Candle tips, extended edition!

Candles are such an easy way to create a relaxing and cozy atmosphere in your house. However, you gotta use them correctly to prevent accidents and to make sure you get the most out of them! Read on for my best practices.

  1. Trim the wick before lighting (this tip doesn't apply to a new candle - the wick should be trimmed to the correct length already). Before lighting your candle, make sure the wick is trimmed to in and around 1/4 inch. If you can't imagine what this looks like (same), just pinch off the top bit. This prevents the wick from becoming too long and creating a large flame, which can lead you into yikes territory. A long wick can also cause the candle to burn too quickly, leading to wasted wax (noooo!) and a shorter burn time. If you accidentally give your candle wick a scalping and it won't light (or only lights with a lil sad looking flame), simply melt some of the wax away from beneath the wick with a match and tip it to the side. This allows more of the wick to be exposed. If you can't imagine THIS, I'll make a video, eventually. Check out the YouTube, it'll be up there sooner or later.

  2. Burn for the right amount of time. The first time you light your candle, try and let it burn for at least 2 hours. It's not really that specific, but the main thing you want to avoid is lighting your candle for really short bursts - this can cause 'tunnelling' where the candle burns in a little tunnel, and the melt pool never reaches the edges, even after lots of burns. This means you're not getting the full 'throw' (scent potential) and longevity of the candle.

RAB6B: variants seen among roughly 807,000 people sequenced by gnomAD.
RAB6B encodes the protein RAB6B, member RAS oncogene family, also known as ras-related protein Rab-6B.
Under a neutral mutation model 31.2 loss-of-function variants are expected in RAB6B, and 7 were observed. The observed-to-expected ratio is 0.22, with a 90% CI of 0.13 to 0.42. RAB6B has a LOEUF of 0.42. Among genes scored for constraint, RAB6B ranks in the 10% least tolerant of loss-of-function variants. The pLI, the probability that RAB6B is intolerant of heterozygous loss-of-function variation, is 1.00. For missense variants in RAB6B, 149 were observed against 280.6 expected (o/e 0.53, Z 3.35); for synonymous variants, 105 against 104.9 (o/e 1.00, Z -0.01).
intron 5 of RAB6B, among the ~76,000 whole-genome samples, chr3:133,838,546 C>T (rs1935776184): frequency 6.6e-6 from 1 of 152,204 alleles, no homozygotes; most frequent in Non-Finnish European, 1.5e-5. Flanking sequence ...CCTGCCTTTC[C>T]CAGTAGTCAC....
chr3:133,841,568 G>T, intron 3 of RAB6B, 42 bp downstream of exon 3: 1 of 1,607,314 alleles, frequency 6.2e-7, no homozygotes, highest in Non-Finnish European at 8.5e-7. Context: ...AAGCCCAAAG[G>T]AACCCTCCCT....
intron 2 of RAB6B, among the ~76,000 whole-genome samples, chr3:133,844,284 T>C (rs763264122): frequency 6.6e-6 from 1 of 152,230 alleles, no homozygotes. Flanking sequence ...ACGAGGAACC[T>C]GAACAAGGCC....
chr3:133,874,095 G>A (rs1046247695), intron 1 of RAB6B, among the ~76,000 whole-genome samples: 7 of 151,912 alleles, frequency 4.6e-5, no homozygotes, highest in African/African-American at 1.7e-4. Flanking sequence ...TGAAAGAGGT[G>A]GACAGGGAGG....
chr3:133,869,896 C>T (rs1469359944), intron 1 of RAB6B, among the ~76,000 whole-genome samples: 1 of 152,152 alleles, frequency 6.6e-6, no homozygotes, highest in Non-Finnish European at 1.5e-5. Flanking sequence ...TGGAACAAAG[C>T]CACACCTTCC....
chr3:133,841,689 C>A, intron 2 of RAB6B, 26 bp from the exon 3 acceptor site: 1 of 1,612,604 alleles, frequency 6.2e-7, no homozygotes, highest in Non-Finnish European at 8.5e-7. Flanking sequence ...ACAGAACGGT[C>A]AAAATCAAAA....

3. However, don't worry too much if the melt pool doesn't reach all around the candle in your first couple of burns, it will catch up the further you go down the jar. In fact this is in many ways a bonus - it's safer as the heat build-up is less, and it means your candle is burning slower - prolonging it's life. 

  4. Keep the wick centred. As the wax melts, the wick may move around and become off-centered. This can cause the candle to burn unevenly. If you notice that the wick is moving to one side, use a skewer or other tool to gently push it back into place while the wax is still warm. If you want to get really fancy you can use a wick dipper to extinguish your candle and re-coat it in some wax (making sure you centre it again afterwards). The benefit of this method is you don't get any smoke after extinguishing.

  5. Don't burn for too long. A candle should not burn for more than four hours at a time. If you want to enjoy your candle for longer, extinguish it and allow it to cool down for at least two hours before relighting it. This helps to prevent the wick from becoming overly long and the jar from overheating, which can be dangerous. Now, I've tested my candles for long 'power' burns, and although they stay intact and self-extinguish if the wax runs out, the glass will become extremely hot. This could potentially damage what the candle's resting on, not to mention any unfortunate fingers. I do these tests because safety is my number 1 priority, and people do forget to blow out candles on occasion (we are only human, after all).

Hope these tips help you get the very best out of your beloved scents. 

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